At Attica, chef Ben Shewry's celebrated Australian restaurant, diners might sample red kangaroo, whipped emu egg or "pests of the neighborhood." The New Zealand native has devoted years to studying and using indigenous ingredients, driven by his desire to honor the food traditions of Aboriginal Australians.
The chef's thoughtful, multi-course meals have prompted the "great restaurants of the world" list makers to embrace Attica, which is in a suburb of Melbourne, and have attracted the attention of the Netflix documentary series "Chef's Table," which featured Shewry in its inaugural season.
We recently spoke with Shewry about his evolution as a chef, his fascination with green ants — and his time spent in dumbwaiters.
Can you remember what first sparked your interest in cooking?
I grew up on a sheep and cattle farm in New Zealand. We didn't have a lot of money, and cooking was the main source of family pleasure. It's something I've wanted to do since the age of 5.
What was your first professional experience in a kitchen?
I was around 10. I wrote letters to a bunch of restaurants in a city about two hours from where we lived, about working, and one of them said yes. It was called the Mill, and I spent Friday and Saturday nights there. It was very much a pirate crew in the kitchen, but they were really kind to me. I don't know if you could call it cooking, but I was helping and watching. It was a life-changing experience. When it got crazy, they would put me in this dumbwaiter between levels in the restaurant and send me to this downstairs bar. When people opened the door, I would roar like a lion.
And your parents were OK with this?
My parents were pretty exceptional. My dad was a farmer and an artist; my mom was a principal. In some ways, our lack of money became something of a strength. Our whole childhood was spent making use of overlooked objects, and that DIY aspect has been a big aspect of Attica.
You're got three kids — do any of them have an interest in cooking?
The two oldest are showing an interest — we cook together on Sundays at home. I kind of want to discourage it, if I'm being honest — but if it's their true passion, I'd be all for it. I want to make sure the motivation is love, not the influence of me. Or the potential financial aspects of it.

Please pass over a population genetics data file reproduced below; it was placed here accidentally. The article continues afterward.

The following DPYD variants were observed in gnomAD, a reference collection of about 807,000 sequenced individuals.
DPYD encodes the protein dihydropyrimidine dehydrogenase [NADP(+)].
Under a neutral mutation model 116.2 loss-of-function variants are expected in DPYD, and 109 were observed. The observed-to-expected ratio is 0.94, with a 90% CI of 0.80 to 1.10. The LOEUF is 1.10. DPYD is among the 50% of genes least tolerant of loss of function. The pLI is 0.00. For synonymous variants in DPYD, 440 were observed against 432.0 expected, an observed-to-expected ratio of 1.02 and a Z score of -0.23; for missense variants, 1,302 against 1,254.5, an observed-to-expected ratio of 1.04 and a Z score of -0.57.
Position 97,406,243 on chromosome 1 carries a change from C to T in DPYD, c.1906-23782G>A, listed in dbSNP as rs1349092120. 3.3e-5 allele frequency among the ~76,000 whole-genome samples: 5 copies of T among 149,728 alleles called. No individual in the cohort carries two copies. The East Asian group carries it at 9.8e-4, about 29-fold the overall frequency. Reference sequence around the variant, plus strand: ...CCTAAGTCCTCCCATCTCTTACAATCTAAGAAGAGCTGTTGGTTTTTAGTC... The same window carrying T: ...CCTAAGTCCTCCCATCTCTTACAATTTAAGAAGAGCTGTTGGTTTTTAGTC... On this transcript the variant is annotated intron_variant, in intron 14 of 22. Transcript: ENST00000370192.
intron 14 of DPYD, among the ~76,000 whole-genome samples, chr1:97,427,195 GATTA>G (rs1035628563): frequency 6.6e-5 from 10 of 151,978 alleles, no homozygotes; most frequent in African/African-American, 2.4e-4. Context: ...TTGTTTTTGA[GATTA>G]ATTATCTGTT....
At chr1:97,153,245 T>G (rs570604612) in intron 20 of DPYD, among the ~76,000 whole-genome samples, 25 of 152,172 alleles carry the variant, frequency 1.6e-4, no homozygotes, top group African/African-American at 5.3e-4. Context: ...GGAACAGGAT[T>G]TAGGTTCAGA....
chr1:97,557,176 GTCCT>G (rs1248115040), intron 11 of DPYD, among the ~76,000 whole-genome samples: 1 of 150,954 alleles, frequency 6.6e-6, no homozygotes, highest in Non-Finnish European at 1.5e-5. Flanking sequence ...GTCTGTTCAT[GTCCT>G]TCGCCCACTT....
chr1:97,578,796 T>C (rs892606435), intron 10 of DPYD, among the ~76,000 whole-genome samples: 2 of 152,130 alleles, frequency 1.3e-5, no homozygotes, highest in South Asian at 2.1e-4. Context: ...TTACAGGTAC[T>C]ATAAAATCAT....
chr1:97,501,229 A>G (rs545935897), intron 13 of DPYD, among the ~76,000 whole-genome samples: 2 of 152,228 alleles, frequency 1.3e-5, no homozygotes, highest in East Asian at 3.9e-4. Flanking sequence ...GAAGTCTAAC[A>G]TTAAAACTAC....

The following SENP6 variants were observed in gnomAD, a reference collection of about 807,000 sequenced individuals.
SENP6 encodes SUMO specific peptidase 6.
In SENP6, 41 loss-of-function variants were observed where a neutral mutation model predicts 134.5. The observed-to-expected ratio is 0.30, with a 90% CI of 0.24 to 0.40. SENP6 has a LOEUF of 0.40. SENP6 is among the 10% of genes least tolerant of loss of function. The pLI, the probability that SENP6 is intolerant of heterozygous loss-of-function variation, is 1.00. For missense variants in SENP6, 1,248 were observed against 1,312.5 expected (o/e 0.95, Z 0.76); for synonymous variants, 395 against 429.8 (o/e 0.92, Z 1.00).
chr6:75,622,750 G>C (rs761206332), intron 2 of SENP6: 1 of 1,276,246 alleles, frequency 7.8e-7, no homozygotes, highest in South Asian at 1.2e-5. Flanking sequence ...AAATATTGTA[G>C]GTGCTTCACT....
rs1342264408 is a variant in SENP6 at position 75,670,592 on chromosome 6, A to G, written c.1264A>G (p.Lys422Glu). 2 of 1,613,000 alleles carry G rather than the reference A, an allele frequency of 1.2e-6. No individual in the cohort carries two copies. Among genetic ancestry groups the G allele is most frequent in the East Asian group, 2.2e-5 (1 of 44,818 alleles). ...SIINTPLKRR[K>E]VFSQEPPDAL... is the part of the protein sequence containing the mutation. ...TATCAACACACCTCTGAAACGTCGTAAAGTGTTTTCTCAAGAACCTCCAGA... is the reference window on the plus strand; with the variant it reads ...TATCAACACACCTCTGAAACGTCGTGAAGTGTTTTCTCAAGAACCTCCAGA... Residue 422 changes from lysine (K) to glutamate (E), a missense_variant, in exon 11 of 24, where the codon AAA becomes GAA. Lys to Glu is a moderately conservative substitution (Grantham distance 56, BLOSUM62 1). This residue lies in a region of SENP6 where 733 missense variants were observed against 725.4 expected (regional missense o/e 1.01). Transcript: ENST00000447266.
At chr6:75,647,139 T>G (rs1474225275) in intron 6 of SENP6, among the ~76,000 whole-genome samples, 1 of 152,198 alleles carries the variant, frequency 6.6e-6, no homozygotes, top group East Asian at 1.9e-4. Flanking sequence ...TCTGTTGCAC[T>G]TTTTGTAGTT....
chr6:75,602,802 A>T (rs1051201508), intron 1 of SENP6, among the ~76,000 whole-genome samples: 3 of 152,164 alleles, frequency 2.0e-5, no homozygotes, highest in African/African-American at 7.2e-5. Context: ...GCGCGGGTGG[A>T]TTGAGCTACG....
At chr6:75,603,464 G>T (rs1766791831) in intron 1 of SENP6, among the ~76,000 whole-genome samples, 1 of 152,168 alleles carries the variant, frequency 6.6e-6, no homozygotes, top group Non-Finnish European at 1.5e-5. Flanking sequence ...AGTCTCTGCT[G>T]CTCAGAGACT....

You've said you want to "bridge the divide" between Aboriginal food culture and immigrant traditions. How do you do that?
I came from a different country and, looking from the outside in, I saw ingredients that weren't being used and always wondered why. We all have to eat. One way of understanding the great divide could be the ingredients and how delicious they can be.
We have a hope that Australians and other guests will be able to experience some of these ingredients and start to have an appreciation for our ancient culture going back 60,000 years or more.
Tell us about some of the indigenous ingredients you use.
We're not in the business of shock value. We're in the business of deliciousness, but deliciousness can come in many forms. [Some people] think lobster and caviar is the upper echelon, but that's not what we do here.
We use green ants, which have been eaten for thousands of years. When we serve them to people, people are like, "gross," and I'm like, "It's not gross. It's one of the oldest ingredients in the country. "
Also, I have this obsession with wattleseeds [edible seeds from acacia trees] that goes back many years. They're still harvested by hand, and they're hard to come by. We always have them on the menu, but with other things, as flourishes. I want to celebrate this as a national grain, a hearty grain that we could [use to make] bread that everyone could eat.
We whisk them with indigenous bee honey and serve them with wattleseeds and chocolate ice cream, in a shell in a nest of emu feathers.
What are your plans while you’re in town?
I love Los Angeles — I think it's my favorite city in the world. I have a sister who lives in Santa Barbara and a lot of friends in L.A. as well. I love the culture and, food-wise, it's really interesting. I'm really looking forward to eating at Taco Maria [in Costa Mesa], and I'm spending a day with Curtis Stone, and I will see L.A. through his eyes.
Shewry will join chef Curtis Stone for a conversation and collaborative, multi-course dinner at Gwen, 6600 Sunset Blvd., Los Angeles, on May 26, 6:30-10:30 p.m., and will oversee an Australian-style BBQ at Everson Royce Bar, 1936 E. 7th St., Los Angeles, on May 27, 2-10 p.m. For tickets, to go lafoodbowl.com.